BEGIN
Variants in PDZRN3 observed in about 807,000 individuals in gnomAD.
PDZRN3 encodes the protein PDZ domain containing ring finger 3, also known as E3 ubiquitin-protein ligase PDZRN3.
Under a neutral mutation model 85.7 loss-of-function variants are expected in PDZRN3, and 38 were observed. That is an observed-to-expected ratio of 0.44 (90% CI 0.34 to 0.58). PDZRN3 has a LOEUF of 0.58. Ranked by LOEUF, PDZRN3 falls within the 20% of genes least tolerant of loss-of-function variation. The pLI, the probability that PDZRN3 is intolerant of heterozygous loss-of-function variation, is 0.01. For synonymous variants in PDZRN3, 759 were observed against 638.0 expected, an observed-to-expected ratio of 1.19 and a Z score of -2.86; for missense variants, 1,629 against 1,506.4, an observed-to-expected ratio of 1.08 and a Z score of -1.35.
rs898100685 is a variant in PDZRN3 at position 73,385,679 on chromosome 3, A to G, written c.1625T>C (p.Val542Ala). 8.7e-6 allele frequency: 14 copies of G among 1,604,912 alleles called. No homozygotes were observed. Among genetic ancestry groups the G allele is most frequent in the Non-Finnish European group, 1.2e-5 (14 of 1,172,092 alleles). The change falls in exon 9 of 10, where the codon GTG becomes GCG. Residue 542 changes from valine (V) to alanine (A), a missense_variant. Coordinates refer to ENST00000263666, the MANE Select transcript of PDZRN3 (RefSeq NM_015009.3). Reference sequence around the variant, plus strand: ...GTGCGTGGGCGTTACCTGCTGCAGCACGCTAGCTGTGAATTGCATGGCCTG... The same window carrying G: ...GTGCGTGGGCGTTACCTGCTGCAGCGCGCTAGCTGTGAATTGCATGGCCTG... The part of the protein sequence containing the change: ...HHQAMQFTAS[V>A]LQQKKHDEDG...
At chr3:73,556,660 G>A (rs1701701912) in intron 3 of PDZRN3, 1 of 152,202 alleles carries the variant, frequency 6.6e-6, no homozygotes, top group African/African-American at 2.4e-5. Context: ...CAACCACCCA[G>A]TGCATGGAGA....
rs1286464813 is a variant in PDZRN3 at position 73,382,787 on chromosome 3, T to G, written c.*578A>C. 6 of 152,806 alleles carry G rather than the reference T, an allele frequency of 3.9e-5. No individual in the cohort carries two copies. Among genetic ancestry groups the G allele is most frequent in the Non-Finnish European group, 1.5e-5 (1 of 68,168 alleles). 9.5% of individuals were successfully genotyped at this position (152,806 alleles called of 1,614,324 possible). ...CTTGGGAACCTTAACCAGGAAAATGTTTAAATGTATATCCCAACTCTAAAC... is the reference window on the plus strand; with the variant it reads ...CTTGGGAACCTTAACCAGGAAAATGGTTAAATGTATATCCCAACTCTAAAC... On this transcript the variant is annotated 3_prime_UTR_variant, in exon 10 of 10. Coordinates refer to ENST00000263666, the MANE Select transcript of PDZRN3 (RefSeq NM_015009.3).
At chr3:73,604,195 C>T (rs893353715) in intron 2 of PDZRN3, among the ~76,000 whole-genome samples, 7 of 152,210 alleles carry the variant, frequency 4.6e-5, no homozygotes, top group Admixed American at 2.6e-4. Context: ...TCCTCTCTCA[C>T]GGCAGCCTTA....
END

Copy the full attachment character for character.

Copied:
Variants in PDZRN3 observed in about 807,000 individuals in gnomAD.
PDZRN3 encodes the protein PDZ domain containing ring finger 3, also known as E3 ubiquitin-protein ligase PDZRN3.
Under a neutral mutation model 85.7 loss-of-function variants are expected in PDZRN3, and 38 were observed. That is an observed-to-expected ratio of 0.44 (90% CI 0.34 to 0.58). PDZRN3 has a LOEUF of 0.58. Ranked by LOEUF, PDZRN3 falls within the 20% of genes least tolerant of loss-of-function variation. The pLI, the probability that PDZRN3 is intolerant of heterozygous loss-of-function variation, is 0.01. For synonymous variants in PDZRN3, 759 were observed against 638.0 expected, an observed-to-expected ratio of 1.19 and a Z score of -2.86; for missense variants, 1,629 against 1,506.4, an observed-to-expected ratio of 1.08 and a Z score of -1.35.
rs898100685 is a variant in PDZRN3 at position 73,385,679 on chromosome 3, A to G, written c.1625T>C (p.Val542Ala). 8.7e-6 allele frequency: 14 copies of G among 1,604,912 alleles called. No homozygotes were observed. Among genetic ancestry groups the G allele is most frequent in the Non-Finnish European group, 1.2e-5 (14 of 1,172,092 alleles). The change falls in exon 9 of 10, where the codon GTG becomes GCG. Residue 542 changes from valine (V) to alanine (A), a missense_variant. Coordinates refer to ENST00000263666, the MANE Select transcript of PDZRN3 (RefSeq NM_015009.3). Reference sequence around the variant, plus strand: ...GTGCGTGGGCGTTACCTGCTGCAGCACGCTAGCTGTGAATTGCATGGCCTG... The same window carrying G: ...GTGCGTGGGCGTTACCTGCTGCAGCGCGCTAGCTGTGAATTGCATGGCCTG... The part of the protein sequence containing the change: ...HHQAMQFTAS[V>A]LQQKKHDEDG...
At chr3:73,556,660 G>A (rs1701701912) in intron 3 of PDZRN3, 1 of 152,202 alleles carries the variant, frequency 6.6e-6, no homozygotes, top group African/African-American at 2.4e-5. Context: ...CAACCACCCA[G>A]TGCATGGAGA....
rs1286464813 is a variant in PDZRN3 at position 73,382,787 on chromosome 3, T to G, written c.*578A>C. 6 of 152,806 alleles carry G rather than the reference T, an allele frequency of 3.9e-5. No individual in the cohort carries two copies. Among genetic ancestry groups the G allele is most frequent in the Non-Finnish European group, 1.5e-5 (1 of 68,168 alleles). 9.5% of individuals were successfully genotyped at this position (152,806 alleles called of 1,614,324 possible). ...CTTGGGAACCTTAACCAGGAAAATGTTTAAATGTATATCCCAACTCTAAAC... is the reference window on the plus strand; with the variant it reads ...CTTGGGAACCTTAACCAGGAAAATGGTTAAATGTATATCCCAACTCTAAAC... On this transcript the variant is annotated 3_prime_UTR_variant, in exon 10 of 10. Coordinates refer to ENST00000263666, the MANE Select transcript of PDZRN3 (RefSeq NM_015009.3).
At chr3:73,604,195 C>T (rs893353715) in intron 2 of PDZRN3, among the ~76,000 whole-genome samples, 7 of 152,210 alleles carry the variant, frequency 4.6e-5, no homozygotes, top group Admixed American at 2.6e-4. Context: ...TCCTCTCTCA[C>T]GGCAGCCTTA....